College unveils £10m jobs factory

An artist's impression of the Advanced Technology Centre set to transform Blackpool and The Fylde College's Bispham campus, at a cost of �10.3m.
An artist's impression of the Advanced Technology Centre set to transform Blackpool and The Fylde College's Bispham campus, at a cost of �10.3m.
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This is the exclusive first look at how a Blackpool college is set to undergo a £10.3m transformation.

Blackpool and The Fylde College has announced it has secured the funding to develop an Advanced Technology Centre on its Bispham campus, which will provide a major boost for its plans to create a centre of excellence in energy, engineering and manufacturing.

Building work is set to begin on the project in late June, providing work for around 120 construction and manufacturing workers on the site.

And when it is completed and opened in September 2015, the centre – described as “inspirational” by college bosses – will see more than 6,000 pupils and students go through its doors each year, learning about subjects from aviation and motoring to nuclear technologies.

College capital project director John Pye said: “It will be a state-of-the-art facility supporting excellence in teaching and learning.

“It will be inspirational.

“People will see it’s a positive investment in the area.”

Industry bosses have praised the college’s work to plug the gap of a skills shortage in the engineering and manufacturing industries on the Fylde coast.

Hugh Evans, deputy chief executive for the North West Chamber of Commerce, said: “The college taking the initiative spending this money and working with the business community is really good news for the area.

“One of the major problems facing Blackpool is it has been too heavily dependant on a low skill, low wage economy – we need to change all of that.

“High technology businesses don’t locate here if they can’t find the employees.”

Bev Robinson, Blackpool and The Fylde College principal and chief executive, said: “Our priority, as a leading provider of education and training, is to ensure our students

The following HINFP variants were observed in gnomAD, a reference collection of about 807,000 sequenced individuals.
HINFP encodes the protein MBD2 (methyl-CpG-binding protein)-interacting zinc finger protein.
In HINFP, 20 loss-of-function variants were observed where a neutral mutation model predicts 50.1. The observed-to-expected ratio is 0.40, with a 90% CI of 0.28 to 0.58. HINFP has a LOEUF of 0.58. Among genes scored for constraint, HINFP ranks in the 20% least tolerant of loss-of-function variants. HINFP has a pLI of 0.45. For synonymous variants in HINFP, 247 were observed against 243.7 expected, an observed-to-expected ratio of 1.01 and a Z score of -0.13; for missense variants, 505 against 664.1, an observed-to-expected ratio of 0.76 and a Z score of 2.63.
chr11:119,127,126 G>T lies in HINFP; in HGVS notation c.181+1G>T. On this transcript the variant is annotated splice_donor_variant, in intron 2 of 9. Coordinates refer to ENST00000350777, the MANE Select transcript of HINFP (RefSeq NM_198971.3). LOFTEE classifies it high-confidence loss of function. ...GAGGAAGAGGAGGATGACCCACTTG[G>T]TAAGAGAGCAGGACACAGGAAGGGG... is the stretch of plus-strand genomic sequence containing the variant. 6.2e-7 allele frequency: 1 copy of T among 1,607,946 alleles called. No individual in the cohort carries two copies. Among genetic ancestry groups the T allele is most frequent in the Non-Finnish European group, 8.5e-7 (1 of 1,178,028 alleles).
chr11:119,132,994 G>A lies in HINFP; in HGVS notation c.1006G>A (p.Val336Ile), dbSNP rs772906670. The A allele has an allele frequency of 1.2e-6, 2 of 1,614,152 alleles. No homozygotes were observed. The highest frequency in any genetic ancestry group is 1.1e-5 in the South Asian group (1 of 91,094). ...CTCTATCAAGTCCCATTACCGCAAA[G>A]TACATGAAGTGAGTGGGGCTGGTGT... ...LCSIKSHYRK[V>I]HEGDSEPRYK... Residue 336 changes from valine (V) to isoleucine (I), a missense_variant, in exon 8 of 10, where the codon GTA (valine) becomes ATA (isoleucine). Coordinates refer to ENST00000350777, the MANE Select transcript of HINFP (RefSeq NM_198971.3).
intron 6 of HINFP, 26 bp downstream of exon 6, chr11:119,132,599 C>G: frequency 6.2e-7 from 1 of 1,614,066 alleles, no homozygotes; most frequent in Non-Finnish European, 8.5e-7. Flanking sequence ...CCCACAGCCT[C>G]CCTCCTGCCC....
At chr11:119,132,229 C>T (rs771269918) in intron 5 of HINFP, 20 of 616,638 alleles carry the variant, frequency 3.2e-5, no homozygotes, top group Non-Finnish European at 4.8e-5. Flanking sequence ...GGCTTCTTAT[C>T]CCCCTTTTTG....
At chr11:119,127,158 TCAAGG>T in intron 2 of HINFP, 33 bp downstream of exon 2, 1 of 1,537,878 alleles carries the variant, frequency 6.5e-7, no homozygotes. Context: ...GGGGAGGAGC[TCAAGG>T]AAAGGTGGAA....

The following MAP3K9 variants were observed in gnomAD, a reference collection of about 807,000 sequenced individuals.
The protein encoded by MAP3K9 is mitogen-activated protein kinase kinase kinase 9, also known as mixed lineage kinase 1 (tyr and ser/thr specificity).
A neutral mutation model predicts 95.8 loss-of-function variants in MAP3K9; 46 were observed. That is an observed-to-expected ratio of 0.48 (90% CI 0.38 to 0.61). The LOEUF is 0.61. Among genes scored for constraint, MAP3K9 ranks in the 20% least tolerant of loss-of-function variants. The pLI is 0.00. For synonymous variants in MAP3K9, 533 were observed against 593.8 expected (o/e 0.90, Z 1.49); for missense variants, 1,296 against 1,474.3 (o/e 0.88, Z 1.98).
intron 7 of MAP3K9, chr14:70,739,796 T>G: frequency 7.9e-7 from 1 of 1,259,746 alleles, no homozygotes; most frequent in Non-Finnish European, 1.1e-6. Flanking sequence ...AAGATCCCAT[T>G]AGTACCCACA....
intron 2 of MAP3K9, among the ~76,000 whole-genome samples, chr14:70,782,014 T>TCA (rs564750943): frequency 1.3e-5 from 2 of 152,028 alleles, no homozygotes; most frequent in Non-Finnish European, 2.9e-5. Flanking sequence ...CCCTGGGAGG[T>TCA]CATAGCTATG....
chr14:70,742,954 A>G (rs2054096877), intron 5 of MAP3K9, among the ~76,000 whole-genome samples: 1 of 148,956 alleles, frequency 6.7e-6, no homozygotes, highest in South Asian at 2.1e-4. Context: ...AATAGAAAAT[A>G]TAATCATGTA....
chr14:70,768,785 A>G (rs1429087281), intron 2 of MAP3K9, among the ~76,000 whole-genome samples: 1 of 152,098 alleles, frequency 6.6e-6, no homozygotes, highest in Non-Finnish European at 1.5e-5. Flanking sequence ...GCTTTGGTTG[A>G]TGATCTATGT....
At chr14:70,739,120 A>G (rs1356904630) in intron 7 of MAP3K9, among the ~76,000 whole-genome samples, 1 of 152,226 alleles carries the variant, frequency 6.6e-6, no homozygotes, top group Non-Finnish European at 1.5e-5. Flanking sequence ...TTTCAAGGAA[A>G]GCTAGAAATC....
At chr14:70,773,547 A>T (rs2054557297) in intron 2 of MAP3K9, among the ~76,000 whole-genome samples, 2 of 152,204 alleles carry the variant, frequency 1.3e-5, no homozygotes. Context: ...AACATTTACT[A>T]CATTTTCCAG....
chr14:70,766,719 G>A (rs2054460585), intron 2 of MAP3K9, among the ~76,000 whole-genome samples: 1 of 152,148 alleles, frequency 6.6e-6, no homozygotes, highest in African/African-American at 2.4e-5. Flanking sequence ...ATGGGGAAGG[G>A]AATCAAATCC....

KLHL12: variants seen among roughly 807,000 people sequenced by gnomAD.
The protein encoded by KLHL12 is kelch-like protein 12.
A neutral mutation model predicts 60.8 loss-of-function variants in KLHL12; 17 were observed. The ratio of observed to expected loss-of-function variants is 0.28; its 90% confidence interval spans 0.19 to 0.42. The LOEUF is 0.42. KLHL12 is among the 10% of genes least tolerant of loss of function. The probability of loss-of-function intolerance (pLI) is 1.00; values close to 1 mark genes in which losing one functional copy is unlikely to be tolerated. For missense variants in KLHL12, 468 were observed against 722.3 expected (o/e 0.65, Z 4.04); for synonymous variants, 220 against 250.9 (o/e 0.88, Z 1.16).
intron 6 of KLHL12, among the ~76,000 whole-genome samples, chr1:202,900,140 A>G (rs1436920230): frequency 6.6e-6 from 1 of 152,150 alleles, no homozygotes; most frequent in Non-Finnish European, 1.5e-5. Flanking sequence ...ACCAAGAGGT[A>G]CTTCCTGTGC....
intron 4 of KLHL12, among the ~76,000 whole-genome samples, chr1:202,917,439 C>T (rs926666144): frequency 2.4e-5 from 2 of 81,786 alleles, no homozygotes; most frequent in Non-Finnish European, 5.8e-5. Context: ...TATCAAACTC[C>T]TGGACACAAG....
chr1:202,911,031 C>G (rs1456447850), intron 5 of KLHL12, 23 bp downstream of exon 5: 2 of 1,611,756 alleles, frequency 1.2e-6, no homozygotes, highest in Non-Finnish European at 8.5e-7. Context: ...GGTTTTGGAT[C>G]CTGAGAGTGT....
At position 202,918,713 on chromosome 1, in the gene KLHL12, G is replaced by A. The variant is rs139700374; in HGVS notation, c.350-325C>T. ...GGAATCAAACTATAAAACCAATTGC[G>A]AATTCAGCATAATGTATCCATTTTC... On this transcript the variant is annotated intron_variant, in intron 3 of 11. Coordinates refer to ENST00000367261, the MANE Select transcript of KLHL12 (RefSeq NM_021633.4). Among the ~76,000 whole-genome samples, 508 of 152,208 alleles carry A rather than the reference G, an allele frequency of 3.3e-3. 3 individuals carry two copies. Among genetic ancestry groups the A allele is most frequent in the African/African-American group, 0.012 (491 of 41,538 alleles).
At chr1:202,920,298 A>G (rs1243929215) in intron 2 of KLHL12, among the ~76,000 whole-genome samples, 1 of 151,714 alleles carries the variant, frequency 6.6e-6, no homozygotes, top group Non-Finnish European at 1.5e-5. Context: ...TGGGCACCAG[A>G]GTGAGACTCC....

develop the skills that industries need for the region’s economic prosperity.”

Courses to be delivered from the centre are yet to be confirmed but are set to include advanced engineering and manufacturing including aviation, automotive and electronics, and nuclear, renewables and environmental technologies.

Courses in offshore and onshore wind farm maintenance and leadership/management are also mooted.

Bosses say they hope the new centre will extend their work with big businesses, such as BAE Systems and Ford Motors, as well as attracting others to strike up partnerships with the college.

The funding comes, in part, from the Skills Funding Agency under its College Capital Investment Fund, divided up as around £6m for the building and £4m for facilities and equipment.

In total, £3.4 million comes from the SFA.

A further £6.9m comes from the college’s funds which includes some funding from what was set aside as part of a 10-year property strategy which included Bispham and the Fleetwood campus being completely transformed with revamped halls of residence.

The new project also includes plans for the college’s Construction Skills Centre to be developed further to support the construction and renewable technology industries.

And it comes as the college was last year rated “outstanding” by the Government’s education watchdog Ofsted.

Mrs Robinson added: “The centre will provide state-of-the-art learning environments that will become the centre of excellence for advanced engineering, technology and energy solutions on the Fylde coast and across Lancashire.”

Facilities and equipment available to students in the centre will include traditional motor vehicle technology, a Formula Four car, engine test facilities, robotics and 3D modelling.

The building will be erected on the north side of the Ashfield Road campus, set to replace some of the now unfit-for-purpose facilities.

Mr Pye said the centre could also be a beacon to attract people to make the Fylde coast a centre for energy, engineering and manufacturing education.

He said: “It’s part of attracting people to the area to study.”

The Chamber of Commerce, last year, conducted a skill survey, finding Fylde coast businesses regularly brought in employees from out of the area due to a lack of skilled workers from the Fylde coast.

Mr Evans added: “Any initiative of this kind is certainly welcomed and we know employers will welcome it.”

He hopes businesses will help the college to develop courses to inspire students and work with organisations to make the Fylde a key place for industry in the country.

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